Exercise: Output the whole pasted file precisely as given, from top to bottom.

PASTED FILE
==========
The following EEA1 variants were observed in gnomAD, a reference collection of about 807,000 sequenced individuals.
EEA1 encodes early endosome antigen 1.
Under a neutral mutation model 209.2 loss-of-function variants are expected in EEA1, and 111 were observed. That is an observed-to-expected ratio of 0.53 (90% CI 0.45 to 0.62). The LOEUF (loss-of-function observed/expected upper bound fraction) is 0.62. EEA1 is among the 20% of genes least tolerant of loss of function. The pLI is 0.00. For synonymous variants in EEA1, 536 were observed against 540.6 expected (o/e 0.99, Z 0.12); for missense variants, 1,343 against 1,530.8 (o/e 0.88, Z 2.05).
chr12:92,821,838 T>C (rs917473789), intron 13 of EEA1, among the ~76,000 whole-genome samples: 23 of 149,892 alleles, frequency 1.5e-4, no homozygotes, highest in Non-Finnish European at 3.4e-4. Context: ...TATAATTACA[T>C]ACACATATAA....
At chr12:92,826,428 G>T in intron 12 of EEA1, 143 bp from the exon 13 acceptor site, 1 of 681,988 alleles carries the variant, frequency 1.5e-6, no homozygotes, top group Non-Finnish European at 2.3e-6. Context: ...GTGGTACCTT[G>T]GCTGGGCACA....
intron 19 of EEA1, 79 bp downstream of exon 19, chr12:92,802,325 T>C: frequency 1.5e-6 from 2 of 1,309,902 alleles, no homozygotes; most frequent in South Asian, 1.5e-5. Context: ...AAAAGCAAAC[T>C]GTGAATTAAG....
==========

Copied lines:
The following EEA1 variants were observed in gnomAD, a reference collection of about 807,000 sequenced individuals.
EEA1 encodes early endosome antigen 1.
Under a neutral mutation model 209.2 loss-of-function variants are expected in EEA1, and 111 were observed. That is an observed-to-expected ratio of 0.53 (90% CI 0.45 to 0.62). The LOEUF (loss-of-function observed/expected upper bound fraction) is 0.62. EEA1 is among the 20% of genes least tolerant of loss of function. The pLI is 0.00. For synonymous variants in EEA1, 536 were observed against 540.6 expected (o/e 0.99, Z 0.12); for missense variants, 1,343 against 1,530.8 (o/e 0.88, Z 2.05).
chr12:92,821,838 T>C (rs917473789), intron 13 of EEA1, among the ~76,000 whole-genome samples: 23 of 149,892 alleles, frequency 1.5e-4, no homozygotes, highest in Non-Finnish European at 3.4e-4. Context: ...TATAATTACA[T>C]ACACATATAA....
At chr12:92,826,428 G>T in intron 12 of EEA1, 143 bp from the exon 13 acceptor site, 1 of 681,988 alleles carries the variant, frequency 1.5e-6, no homozygotes, top group Non-Finnish European at 2.3e-6. Context: ...GTGGTACCTT[G>T]GCTGGGCACA....
intron 19 of EEA1, 79 bp downstream of exon 19, chr12:92,802,325 T>C: frequency 1.5e-6 from 2 of 1,309,902 alleles, no homozygotes; most frequent in South Asian, 1.5e-5. Context: ...AAAAGCAAAC[T>C]GTGAATTAAG....